6th of November, 2022, 8am.
I’m at the local park, getting ready to take part, with a few more hundred (mostly professional level) running enthusiasts, in the ‘Eurolife, Run the Park with Us’ run. My other half, who’s been training for a triathlon for the last month or so, went to find his coach and do a warm-up and I went for a wander, to check out the setting.
All I could focus on was the trained bodies, the muscles protruding around me and the pro gear most had. I even felt undedressed, if that’s ever possible.
‘What on earth am I doing here? Why did I decide to run the 10k? I don’t belong here.’
That’s what was on my mind ever since I switched from 5k to 10k. I had only run 10k twice before that day, and I felt I could probably do it, depending on the route, but I was worried I’d come last. That was my biggest worry actually until probably a few days before the run. I decided to embrace my worries and fears though, and go for it.
What’s the worst case scenario? What if I do come last? Why does that worry me that much?
It comes down to our innate tendency to avoid situations that might make us feel vulnerable, exposed, hurt, physically or mentally. So I knew I had to fight this urge.
I had recently rewatched Brene Brown’s infamous Ted Talk about vulnerability and her recent Netflix show ‘Call to Courage’ (I highly recommend both!) and I reminded myself that unless you push yourself to feel vulnerable, then you can’t really show courage and you can’t go far in life.
You need to make vulnerability part of your everyday life, get used to that uncomfortable feeling of showing your emotions, looking for a better job, asking for a better salary, being completely honest with your loved ones, letting people see your true self and above all, your feelings.
So I went for it. For a while I thought I was last, I couldn’t see anyone behind me, but I didn’t pay any attention. About half way through I bumped into an ex-colleague who kept cheering me on. That boosted my morale, as the route was not easy (but it was really beautiful, amongst trees and plants, and panoramic views). So many hills, up and down, and running on hills is not my favourite! Towards the end I thought I was lost as I couldn’t see any signs on where to go, but after probably the toughest hill of the route (they saved the best for last!) I finally heard the presenter at the finish line.
I almost burst into tears. My mum and my boyfriend were there, waiting for me, cheering me on. I did it! And apparently I didn’t come last, not that would have made any difference.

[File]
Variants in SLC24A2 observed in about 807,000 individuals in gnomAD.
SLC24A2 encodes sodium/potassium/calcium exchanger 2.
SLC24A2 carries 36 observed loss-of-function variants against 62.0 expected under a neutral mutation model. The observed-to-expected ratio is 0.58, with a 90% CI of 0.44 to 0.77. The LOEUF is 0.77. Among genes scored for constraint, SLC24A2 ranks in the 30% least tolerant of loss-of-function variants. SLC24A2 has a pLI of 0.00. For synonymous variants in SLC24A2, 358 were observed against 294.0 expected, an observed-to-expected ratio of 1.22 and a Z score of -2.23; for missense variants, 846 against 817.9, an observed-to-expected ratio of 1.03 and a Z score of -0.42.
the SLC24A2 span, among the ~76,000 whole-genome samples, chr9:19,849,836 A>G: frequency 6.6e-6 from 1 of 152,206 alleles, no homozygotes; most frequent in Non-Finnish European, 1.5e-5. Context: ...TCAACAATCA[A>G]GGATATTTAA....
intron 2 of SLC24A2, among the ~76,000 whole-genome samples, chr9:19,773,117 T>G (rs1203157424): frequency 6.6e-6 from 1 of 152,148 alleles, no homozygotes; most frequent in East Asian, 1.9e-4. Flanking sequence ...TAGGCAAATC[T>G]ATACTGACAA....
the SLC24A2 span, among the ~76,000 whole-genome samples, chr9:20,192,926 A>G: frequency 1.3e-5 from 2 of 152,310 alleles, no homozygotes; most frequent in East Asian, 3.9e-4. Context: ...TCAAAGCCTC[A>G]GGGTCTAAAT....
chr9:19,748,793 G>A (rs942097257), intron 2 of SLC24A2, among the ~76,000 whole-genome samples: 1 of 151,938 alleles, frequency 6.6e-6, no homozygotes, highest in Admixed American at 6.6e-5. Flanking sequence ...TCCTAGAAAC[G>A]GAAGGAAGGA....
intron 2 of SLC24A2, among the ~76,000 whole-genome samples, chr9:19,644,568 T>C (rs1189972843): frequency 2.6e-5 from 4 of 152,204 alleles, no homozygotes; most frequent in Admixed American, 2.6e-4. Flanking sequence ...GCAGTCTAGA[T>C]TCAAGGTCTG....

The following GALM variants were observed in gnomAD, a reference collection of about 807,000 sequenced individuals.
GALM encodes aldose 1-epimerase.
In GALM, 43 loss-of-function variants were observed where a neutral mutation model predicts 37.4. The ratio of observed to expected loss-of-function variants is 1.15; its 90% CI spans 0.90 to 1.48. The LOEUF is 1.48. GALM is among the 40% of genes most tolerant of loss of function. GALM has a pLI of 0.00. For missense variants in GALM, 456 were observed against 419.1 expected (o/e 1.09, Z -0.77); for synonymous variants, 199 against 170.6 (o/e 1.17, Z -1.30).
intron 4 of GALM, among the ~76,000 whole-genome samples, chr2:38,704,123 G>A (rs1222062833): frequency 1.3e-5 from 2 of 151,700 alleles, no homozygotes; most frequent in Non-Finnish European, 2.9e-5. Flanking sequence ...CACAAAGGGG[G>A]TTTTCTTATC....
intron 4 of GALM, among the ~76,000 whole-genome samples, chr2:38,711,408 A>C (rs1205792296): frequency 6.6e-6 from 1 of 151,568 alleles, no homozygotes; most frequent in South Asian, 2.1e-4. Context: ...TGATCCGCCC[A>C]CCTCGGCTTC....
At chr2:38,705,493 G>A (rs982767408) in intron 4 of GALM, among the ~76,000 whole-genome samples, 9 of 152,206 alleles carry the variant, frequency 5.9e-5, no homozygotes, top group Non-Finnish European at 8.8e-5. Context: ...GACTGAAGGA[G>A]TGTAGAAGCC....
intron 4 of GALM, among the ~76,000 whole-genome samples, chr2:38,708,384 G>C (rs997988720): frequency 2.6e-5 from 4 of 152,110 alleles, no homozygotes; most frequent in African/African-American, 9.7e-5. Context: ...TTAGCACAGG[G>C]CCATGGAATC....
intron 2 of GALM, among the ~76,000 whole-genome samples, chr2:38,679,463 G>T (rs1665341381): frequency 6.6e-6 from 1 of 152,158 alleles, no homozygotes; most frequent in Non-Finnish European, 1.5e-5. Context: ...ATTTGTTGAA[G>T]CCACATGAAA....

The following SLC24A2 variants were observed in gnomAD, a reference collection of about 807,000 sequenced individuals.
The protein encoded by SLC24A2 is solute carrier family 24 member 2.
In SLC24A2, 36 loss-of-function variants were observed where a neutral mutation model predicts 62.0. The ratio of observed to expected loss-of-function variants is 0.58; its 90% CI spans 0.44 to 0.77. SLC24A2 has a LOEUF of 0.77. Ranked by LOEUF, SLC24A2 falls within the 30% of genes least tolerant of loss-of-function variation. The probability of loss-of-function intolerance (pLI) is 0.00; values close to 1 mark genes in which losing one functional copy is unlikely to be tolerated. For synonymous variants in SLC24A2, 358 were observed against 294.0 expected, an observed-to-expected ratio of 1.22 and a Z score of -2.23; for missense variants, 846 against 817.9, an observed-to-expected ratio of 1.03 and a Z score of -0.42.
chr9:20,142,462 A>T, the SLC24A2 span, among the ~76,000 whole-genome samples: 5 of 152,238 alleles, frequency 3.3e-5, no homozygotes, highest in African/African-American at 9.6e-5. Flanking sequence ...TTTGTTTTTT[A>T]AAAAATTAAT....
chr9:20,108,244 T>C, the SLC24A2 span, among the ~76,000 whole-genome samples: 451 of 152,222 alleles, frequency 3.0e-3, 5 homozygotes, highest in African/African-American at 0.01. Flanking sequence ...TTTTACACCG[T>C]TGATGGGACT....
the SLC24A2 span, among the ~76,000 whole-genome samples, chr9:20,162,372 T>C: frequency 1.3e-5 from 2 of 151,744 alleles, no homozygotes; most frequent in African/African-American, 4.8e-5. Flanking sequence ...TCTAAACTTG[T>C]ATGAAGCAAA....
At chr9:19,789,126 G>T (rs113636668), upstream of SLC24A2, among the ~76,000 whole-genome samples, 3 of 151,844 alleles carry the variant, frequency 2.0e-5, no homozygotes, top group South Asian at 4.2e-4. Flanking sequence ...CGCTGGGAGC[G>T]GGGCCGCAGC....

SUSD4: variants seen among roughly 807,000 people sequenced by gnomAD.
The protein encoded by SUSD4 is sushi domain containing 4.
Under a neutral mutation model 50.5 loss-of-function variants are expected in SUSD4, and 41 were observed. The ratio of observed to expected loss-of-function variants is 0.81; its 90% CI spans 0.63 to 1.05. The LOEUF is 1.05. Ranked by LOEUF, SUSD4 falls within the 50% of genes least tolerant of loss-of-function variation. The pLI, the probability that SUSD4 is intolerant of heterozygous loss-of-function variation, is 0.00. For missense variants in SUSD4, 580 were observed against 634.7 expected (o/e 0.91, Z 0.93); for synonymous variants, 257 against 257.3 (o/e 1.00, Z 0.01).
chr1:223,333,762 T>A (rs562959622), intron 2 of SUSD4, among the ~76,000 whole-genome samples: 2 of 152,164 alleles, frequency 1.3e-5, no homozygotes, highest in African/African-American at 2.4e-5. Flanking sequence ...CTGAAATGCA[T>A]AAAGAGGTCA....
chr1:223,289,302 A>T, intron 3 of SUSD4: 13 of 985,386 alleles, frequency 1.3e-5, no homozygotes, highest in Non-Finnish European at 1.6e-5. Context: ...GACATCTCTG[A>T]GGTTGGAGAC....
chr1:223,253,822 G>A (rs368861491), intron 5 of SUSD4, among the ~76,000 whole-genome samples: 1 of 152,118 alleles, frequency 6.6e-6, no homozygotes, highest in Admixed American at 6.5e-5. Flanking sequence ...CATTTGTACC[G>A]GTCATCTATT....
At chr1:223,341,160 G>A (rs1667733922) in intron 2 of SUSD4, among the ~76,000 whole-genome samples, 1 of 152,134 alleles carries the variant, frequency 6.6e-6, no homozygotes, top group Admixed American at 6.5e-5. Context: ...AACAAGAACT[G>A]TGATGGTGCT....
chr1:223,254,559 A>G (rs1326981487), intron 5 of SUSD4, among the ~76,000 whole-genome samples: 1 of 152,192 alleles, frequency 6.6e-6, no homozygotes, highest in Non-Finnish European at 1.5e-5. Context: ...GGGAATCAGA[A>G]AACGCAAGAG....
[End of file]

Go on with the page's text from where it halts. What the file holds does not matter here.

A few days later I decided to sign up for the Larnaka 10k route of the Marathon, which was two weeks later. If I could make it through the hills of the park, I can make it on a flat surface.
The 17th of November was an incredibly hot day (for November) and we ran at 10am. Needless to say I had a migraine for the rest of the day, but oh my, it was worth it.
I ran alongside professional athletes, blind runners from Israel, a woman running in memory of her son, young people, older people. I was in great company.
I wasn’t sure I’d make it, I never ran 10k in those temparatures, but running with others is motivating on its own. I can’t accurately describe that feeling. You have to experience it, to fully understand.
I almost cried when I high-fived a kid holding a sign, near the 7th kilometre, which was one of the toughest.
The route was beautiful, especially the second half. The last part of the run was by Saint Lazarus church and then alongside Foinikoudes beach, which was just gorgeous and it definitely helped me going.
I’ve now signed up for the 7.7 mile ‘Stelios Kyriakides’ run at Nicosia Marathon in a couple of weeks, which is around 12km. That will be the longest I’d ever run, so I just hope I can make it.
This push and dedication, powered by vulnerability, also helped me in my personal and professional life. In the last few weeks I felt more like myself, the closest I felt in years, and awakened my feisty spirit. I feel more inclined to speak up, and I believe more in myself and my abilities.
So, today’s message: embrace your vulnerability. It’s tough, and painful, because it inevitably means failing over and over again, but it also lets in love, light and above all, courage.